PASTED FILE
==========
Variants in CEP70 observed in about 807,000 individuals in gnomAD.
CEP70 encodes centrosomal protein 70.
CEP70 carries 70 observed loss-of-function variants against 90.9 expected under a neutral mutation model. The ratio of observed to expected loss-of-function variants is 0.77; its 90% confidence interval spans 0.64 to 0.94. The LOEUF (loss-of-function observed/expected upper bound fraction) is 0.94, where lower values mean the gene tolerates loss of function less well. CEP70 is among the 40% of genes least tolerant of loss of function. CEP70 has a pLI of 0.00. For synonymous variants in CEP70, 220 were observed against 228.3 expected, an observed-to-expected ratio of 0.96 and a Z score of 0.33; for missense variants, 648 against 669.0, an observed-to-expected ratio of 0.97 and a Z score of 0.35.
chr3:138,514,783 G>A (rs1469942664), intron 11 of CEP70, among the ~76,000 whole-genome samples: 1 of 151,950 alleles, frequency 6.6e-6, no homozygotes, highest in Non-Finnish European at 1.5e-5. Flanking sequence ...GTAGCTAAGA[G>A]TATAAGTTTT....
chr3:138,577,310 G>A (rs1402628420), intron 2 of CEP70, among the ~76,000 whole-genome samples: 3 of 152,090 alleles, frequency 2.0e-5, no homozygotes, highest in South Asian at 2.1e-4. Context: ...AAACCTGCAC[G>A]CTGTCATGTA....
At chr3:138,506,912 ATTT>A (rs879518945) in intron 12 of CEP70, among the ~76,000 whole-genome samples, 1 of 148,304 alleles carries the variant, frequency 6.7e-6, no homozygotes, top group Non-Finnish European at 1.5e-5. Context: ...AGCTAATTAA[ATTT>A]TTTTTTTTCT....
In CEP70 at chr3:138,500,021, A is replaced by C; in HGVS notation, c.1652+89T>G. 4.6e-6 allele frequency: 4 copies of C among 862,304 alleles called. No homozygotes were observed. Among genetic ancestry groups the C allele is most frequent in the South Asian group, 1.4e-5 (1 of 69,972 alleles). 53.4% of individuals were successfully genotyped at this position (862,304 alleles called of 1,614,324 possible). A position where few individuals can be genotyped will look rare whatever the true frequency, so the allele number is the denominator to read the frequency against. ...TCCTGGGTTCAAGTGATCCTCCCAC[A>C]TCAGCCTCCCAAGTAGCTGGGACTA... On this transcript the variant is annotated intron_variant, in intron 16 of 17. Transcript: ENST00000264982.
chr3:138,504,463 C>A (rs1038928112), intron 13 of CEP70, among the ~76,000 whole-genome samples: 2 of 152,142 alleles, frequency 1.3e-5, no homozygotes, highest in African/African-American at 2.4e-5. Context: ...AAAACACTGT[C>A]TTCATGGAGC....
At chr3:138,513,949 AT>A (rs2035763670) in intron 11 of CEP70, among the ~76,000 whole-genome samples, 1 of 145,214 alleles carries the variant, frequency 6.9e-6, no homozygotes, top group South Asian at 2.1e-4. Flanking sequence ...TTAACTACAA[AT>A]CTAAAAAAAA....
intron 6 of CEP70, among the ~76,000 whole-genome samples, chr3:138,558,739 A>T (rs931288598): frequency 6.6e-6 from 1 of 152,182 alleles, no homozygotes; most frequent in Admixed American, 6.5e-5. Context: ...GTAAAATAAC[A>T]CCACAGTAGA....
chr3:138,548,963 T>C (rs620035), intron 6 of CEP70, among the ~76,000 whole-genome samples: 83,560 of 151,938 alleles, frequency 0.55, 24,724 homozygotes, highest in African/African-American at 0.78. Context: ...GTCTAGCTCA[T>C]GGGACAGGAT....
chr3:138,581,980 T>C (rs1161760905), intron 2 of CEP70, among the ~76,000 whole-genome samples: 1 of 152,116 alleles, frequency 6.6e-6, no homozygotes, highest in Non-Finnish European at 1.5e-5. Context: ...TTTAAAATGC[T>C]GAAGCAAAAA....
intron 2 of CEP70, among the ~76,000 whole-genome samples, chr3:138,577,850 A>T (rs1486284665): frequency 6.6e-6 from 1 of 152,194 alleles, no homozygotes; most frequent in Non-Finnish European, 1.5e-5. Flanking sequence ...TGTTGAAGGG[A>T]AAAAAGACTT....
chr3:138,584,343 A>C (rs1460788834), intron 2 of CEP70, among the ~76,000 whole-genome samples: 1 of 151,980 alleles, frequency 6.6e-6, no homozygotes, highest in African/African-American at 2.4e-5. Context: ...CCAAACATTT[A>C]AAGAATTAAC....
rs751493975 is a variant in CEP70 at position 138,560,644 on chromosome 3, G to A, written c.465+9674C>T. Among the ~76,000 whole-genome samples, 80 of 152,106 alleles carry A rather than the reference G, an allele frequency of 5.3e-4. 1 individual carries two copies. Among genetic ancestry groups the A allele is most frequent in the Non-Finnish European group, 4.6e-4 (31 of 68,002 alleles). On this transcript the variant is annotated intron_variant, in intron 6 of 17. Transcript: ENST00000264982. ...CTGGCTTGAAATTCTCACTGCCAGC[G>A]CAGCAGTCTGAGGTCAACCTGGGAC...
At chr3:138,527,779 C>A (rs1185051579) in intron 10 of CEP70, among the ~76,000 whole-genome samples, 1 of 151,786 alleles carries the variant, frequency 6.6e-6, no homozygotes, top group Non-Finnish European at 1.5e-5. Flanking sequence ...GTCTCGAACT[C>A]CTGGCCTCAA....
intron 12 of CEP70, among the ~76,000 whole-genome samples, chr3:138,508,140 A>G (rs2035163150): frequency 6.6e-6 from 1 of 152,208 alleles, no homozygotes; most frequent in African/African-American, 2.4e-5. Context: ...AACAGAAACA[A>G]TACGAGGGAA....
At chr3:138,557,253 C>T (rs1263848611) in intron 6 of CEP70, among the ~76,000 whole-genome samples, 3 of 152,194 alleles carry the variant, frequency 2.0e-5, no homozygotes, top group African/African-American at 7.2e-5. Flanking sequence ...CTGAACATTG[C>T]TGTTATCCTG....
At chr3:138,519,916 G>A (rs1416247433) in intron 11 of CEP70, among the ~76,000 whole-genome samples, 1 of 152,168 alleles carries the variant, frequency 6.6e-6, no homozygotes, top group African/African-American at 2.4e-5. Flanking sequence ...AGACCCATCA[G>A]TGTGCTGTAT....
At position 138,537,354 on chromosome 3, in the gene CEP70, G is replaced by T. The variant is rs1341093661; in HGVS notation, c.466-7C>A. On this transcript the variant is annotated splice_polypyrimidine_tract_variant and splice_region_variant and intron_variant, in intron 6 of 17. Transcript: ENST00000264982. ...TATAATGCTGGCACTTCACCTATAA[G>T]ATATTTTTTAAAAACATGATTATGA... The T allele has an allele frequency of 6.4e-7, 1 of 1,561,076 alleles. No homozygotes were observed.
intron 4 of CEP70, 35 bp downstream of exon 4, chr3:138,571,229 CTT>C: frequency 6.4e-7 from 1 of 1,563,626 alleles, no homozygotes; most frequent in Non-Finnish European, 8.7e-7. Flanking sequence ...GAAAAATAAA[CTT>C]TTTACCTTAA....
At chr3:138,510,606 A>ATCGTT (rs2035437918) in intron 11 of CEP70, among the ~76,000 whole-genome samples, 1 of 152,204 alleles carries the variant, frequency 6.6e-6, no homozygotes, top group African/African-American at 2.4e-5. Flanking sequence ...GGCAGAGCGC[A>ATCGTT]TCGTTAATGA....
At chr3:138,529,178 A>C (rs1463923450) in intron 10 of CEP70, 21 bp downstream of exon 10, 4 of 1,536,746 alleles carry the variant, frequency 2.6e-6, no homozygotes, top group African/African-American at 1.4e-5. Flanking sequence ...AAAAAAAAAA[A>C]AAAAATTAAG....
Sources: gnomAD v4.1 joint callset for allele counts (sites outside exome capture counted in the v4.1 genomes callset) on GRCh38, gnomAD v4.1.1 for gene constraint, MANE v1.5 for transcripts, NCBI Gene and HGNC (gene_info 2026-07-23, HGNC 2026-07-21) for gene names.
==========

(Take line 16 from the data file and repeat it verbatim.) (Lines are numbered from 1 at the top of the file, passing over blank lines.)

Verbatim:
At chr3:138,527,779 C>A (rs1185051579) in intron 10 of CEP70, among the ~76,000 whole-genome samples, 1 of 151,786 alleles carries the variant, frequency 6.6e-6, no homozygotes, top group Non-Finnish European at 1.5e-5. Flanking sequence ...GTCTCGAACT[C>A]CTGGCCTCAA....